On the Thames

Picture yourself in a boat on the river
Picture yourself in a boat on the river









Picture yourself in a boat on a river
With tangerine trees and marmalade skies
Somebody calls you, you answer quite slowly
A girl with kaleidoscope eyes …

The girl may have been the sort you see in paintings by Renoir or Manet. She may have been a gorgeous actress like Julie Christie. She may have been a phantasm, an archetype, a figure in a dream. She may even have been a model…

Let’s see her as a Russian model – rich and famous and living in London. The Russian model has a sparkling intellect; she’s studied for a law degree in the United Kingdom and, almost unexpectedly, she tells us that one of the reasons she likes living in England is because of the long and deep tradition of ‘justice’. She thinks that concepts of justice are part of the modal english psyche. She knows her history and she knows her jurisprudence.

As luck would have it, she lives in a gracious part of London not far from the River Thames. And she knows that the river is intimately linked to the tradition of justice to which she refers.

We can picture her ‘in a boat on a river’ as she travels upstream from the heart of London and as she travels onwards you can even hear the rhythmic dip of the oars. Ripples shimmer and spangle in the tranquil sunlight. She edges towards the marshy riverside meadows of Runnymede.There she stills her boat but remains seated in the bows. And, in imagination, she thinks of the famous meeting between King John and his adversaries so many years ago – in 1215 – on the marshy softly-yielding fields of Runnymede. It was here, on the banks of the Thames at Runnymede, that the barons first presented their ‘Articles’ to the execrable King John. The articles were a design to limit the abuses of power which the King had displayed. (We are told by the historians that John had been deemed too vile to be worthy even of a place in hell. Hell would rather freeze over than find a place for John. He was that bad.)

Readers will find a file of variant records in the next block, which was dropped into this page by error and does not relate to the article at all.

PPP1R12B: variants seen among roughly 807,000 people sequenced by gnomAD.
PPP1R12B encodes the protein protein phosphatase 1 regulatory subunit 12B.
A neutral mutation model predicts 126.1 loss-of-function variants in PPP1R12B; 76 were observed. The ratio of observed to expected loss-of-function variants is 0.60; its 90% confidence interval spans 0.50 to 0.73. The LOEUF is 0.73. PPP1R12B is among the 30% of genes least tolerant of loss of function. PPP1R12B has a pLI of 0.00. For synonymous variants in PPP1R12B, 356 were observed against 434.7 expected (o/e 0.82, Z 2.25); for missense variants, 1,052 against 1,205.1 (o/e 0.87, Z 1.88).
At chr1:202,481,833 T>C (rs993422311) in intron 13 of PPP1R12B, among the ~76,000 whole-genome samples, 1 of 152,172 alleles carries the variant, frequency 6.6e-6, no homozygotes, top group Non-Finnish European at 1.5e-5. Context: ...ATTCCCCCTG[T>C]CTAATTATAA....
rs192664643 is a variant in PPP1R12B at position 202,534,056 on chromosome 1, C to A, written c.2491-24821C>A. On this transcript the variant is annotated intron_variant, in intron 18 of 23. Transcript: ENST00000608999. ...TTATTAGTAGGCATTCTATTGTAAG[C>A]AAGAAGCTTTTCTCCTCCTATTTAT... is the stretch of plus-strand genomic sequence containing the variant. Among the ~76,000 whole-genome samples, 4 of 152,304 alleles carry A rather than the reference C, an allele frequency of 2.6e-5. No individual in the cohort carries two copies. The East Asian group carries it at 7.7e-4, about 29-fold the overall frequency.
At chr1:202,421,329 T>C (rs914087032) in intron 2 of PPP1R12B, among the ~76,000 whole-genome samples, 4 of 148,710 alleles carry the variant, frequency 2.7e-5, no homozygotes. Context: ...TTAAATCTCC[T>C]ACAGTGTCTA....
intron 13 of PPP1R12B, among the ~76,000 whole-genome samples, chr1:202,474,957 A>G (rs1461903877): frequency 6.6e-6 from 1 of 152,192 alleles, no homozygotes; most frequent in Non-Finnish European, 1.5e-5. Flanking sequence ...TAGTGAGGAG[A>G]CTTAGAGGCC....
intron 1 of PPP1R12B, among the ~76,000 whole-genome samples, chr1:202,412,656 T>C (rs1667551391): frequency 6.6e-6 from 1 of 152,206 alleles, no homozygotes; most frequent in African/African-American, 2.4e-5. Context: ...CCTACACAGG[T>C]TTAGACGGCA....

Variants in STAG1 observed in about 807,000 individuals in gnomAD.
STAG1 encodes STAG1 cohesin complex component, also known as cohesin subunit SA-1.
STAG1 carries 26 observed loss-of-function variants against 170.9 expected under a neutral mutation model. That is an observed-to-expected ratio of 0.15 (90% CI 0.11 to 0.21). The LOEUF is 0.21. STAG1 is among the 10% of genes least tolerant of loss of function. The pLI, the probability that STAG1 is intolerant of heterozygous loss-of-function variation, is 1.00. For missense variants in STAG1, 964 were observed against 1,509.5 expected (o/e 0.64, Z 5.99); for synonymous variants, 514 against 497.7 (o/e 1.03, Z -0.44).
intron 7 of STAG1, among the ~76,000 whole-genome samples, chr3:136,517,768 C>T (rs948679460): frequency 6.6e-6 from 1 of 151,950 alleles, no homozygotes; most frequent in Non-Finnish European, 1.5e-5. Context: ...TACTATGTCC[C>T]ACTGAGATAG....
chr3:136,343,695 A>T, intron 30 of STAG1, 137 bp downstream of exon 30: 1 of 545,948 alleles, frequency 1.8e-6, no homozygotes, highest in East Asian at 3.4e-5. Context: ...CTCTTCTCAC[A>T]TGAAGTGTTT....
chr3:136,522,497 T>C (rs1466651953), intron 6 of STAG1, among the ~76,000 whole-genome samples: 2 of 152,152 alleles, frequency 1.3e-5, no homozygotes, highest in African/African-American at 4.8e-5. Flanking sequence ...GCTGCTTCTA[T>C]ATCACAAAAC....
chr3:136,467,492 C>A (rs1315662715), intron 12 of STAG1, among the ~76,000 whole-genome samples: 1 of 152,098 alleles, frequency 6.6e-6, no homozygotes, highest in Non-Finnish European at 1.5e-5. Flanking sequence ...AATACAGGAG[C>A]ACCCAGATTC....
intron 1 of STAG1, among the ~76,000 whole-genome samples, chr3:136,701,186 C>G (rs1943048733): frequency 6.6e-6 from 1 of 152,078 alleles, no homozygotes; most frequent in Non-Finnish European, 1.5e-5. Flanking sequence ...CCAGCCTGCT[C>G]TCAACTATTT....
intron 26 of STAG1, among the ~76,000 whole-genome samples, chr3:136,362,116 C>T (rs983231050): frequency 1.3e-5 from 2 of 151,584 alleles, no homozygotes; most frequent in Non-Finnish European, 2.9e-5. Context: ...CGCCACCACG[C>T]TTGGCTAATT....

The Articles drafted by the Barons were, in time, to become the Magna Carta. And the Magna Carta is almost a sacred text for the English. Why? Well, although the Magna Carta – the ‘great charter – does not make explicit any general principle it ‘implies’ one. It is based on the idea or principle that no one is above the law. No Royal, no demagogue, no religious zealot, no person however powerful – is above the law. (And the Rule of Law is one of the most central elements in the social and political life of the United Kingdom.)

But not only did the evolution of the Magna Carta give implicit voice to this principle it also began the process of securing certain basic liberties for the people of England as well as guaranteeing a right to justice.

And so the Russian model – the girl with kaleidoscope eyes (who has studied law and who appreciates the ethos of ‘justice’) feels a deep sense of personal security as she gazes from her boat over the water meadows at Runnymede.

Note: The Russian model was recently featured in a television programme about some Russians who live in London.

Postscript: ‘Lucy in the sky with diamonds‘ begins with the line: ‘Picture yourself in a boat on a river.

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